Check, Please! IoT and Restaurant Diner Relations

Posted by on Jun 1, 2017 5:00:00 AM David Weber  
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In the cutthroat restaurant business, the customer is king (or queen), a fact proving especially true in the age of social media where bad service can go viral instantly. But attracting and, ultimately, keeping loyal diners is harder than it has ever been. This is where IoT innovations can play a big part.

Attracting customers

IoT solutions enable restaurants to employ a variety of methods to attract diners, including some that simply weren’t possible before.

To encourage immediate drop-in dining, storefront devices can send limited-time special offers (“discount valid for the next five minutes”) to the smart phones of people walking by. Offers can be customized based on time of day, lull periods, weather conditions, size of party detected, accidental overstaffing, or any number of factors. Specials can get even more granular depending on device implementation. For example, devices could access a potential customer’s public Facebook food preferences and instantly create an offer based on those criteria.

There are even more creative ways to attract customers not in the immediate vicinity. Advertising and social media campaigns would ask for a diner’s cell number, plus preferences, in return for discounts. The restaurant then could offer highly specific deals to fill tables during slow times or during a sporting/concert event. If a diner is close by, the system can send an offer to fill a table that just opened up due to a canceled reservation. Custom meals can be developed via ‘crowdsourcing’ efforts—the system detects a group of diners, related or unrelated, have a combined interest in a cuisine or dish, and the restaurant can oblige. Likewise, if the restaurant over-ordered a specific ingredient or an ingredient was about to spoil in a few days, an “enjoy your favorite dish featuring XXX” offer could be generated.  

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Eating establishments also can ‘unattract’ customers if there is a staff shortage or other emergency, such as a broken stove. Diners with reservations would be offered a free dessert or appetizer for a future meal if they rebook—before they even left home. Or, if they choose to keep the reservation, would be offered some other incentive. Strange as it sounds, this builds customer loyalty as diners value a restaurant being honest with them rather than having to endure a “when is our food coming?” scenario.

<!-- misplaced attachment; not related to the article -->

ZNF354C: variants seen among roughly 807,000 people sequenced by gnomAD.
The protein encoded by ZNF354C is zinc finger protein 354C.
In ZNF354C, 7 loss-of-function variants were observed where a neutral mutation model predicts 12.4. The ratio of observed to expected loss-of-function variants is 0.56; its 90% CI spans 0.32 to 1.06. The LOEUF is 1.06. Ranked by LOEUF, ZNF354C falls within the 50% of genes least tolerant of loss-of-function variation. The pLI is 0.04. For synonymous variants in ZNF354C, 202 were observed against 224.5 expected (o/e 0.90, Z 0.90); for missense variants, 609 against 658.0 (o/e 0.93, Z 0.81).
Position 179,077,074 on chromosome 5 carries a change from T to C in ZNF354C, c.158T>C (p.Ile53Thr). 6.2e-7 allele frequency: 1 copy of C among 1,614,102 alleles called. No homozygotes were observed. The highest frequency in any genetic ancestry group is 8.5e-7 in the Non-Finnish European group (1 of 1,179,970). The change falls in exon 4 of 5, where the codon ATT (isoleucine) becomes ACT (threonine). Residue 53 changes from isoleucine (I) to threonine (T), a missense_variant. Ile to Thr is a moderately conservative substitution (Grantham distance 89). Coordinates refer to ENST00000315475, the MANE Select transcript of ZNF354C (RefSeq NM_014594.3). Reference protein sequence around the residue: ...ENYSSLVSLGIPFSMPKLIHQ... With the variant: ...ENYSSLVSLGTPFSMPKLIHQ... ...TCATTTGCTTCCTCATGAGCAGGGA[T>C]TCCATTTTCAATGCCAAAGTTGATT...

The possibilities are endless, limited only by resources and imagination.  

The dining experience

IoT also redefines the dining experience, creating memorable moments for even the most mundane meal. Once diners book a reservation, their information is entered in the system, including any special requests. Upon arrival, the system sends a notification stating the table is ready or exactly how long the wait will be. If the wait is longer than a preset time (say 30 minutes), the system automatically can offer a free drink or appetizer as compensation. In the meantime, the table is prepared to the diners’ exact specifications, including extras such as child booster seats, wine, bottled water, gluten-free rolls, or any number of other options. In fact, the entire meal can be ‘automatic’ if every course is chosen prior to arrival.

IoT technology dramatically improves service levels, too. Since detailed information on diners is collected, each guest is treated as an individual that the wait staff ‘knows’ already. This is similar to service received on a first-class airline flight. Each table is monitored based on arrival times, food/drinks ordered, and other factors. Alerts are sent when preset times for any given diner action are reached. For example, five minutes after taking a drink order, an alert would notify staff to take a food order if they hadn’t already. Other alerts generated could include table check-in reminders, unexpected kitchen issues (food is late or unavailable), upsell reminders, diners’ pre-selected requests/dietary restrictions, and more.    


Combined, all these initiatives are a win-win situation for everyone involved. Diners always enjoy a top-flight eating experience, regardless of the type of restaurant, and often save money as well. Wait staff and management are able to deliver superior customer service more efficiently, and can handle unexpected emergencies without compromising the restaurant’s reputation or viability. Best of all, the majority of the ‘magic’ happens behind the scenes—the restaurant essentially operates as it always has, only better.

For more information on how to improve the dining experience, contact Aeris today.

Topics: IoT, Restaurants, dining experience, food services